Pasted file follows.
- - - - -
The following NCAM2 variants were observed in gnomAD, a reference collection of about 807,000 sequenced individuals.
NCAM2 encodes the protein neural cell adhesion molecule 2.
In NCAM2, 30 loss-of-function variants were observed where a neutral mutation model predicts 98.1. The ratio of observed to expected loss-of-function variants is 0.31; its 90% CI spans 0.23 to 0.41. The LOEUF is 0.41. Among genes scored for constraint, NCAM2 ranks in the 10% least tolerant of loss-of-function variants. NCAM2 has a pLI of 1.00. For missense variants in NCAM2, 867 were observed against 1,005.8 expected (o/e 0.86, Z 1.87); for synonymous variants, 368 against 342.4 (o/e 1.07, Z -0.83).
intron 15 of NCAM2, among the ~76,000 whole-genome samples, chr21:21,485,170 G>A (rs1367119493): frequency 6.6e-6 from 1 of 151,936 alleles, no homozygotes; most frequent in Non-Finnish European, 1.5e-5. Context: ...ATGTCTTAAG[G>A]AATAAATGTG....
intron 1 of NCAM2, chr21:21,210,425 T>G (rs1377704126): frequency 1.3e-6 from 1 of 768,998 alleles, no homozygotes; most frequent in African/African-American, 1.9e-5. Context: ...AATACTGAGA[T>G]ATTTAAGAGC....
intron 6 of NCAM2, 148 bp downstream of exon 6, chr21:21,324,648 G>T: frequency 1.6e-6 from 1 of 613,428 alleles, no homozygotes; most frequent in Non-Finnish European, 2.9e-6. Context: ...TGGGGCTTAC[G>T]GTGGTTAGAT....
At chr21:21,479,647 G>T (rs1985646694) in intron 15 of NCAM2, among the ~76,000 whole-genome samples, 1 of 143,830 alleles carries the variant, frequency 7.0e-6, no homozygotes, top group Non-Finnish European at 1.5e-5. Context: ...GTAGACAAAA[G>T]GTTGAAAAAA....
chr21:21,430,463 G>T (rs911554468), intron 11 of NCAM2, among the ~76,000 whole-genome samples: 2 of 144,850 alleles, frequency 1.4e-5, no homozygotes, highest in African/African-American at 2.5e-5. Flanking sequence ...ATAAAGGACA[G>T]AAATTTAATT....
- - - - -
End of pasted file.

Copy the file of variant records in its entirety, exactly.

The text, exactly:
The following NCAM2 variants were observed in gnomAD, a reference collection of about 807,000 sequenced individuals.
NCAM2 encodes the protein neural cell adhesion molecule 2.
In NCAM2, 30 loss-of-function variants were observed where a neutral mutation model predicts 98.1. The ratio of observed to expected loss-of-function variants is 0.31; its 90% CI spans 0.23 to 0.41. The LOEUF is 0.41. Among genes scored for constraint, NCAM2 ranks in the 10% least tolerant of loss-of-function variants. NCAM2 has a pLI of 1.00. For missense variants in NCAM2, 867 were observed against 1,005.8 expected (o/e 0.86, Z 1.87); for synonymous variants, 368 against 342.4 (o/e 1.07, Z -0.83).
intron 15 of NCAM2, among the ~76,000 whole-genome samples, chr21:21,485,170 G>A (rs1367119493): frequency 6.6e-6 from 1 of 151,936 alleles, no homozygotes; most frequent in Non-Finnish European, 1.5e-5. Context: ...ATGTCTTAAG[G>A]AATAAATGTG....
intron 1 of NCAM2, chr21:21,210,425 T>G (rs1377704126): frequency 1.3e-6 from 1 of 768,998 alleles, no homozygotes; most frequent in African/African-American, 1.9e-5. Context: ...AATACTGAGA[T>G]ATTTAAGAGC....
intron 6 of NCAM2, 148 bp downstream of exon 6, chr21:21,324,648 G>T: frequency 1.6e-6 from 1 of 613,428 alleles, no homozygotes; most frequent in Non-Finnish European, 2.9e-6. Context: ...TGGGGCTTAC[G>T]GTGGTTAGAT....
At chr21:21,479,647 G>T (rs1985646694) in intron 15 of NCAM2, among the ~76,000 whole-genome samples, 1 of 143,830 alleles carries the variant, frequency 7.0e-6, no homozygotes, top group Non-Finnish European at 1.5e-5. Context: ...GTAGACAAAA[G>T]GTTGAAAAAA....
chr21:21,430,463 G>T (rs911554468), intron 11 of NCAM2, among the ~76,000 whole-genome samples: 2 of 144,850 alleles, frequency 1.4e-5, no homozygotes, highest in African/African-American at 2.5e-5. Flanking sequence ...ATAAAGGACA[G>T]AAATTTAATT....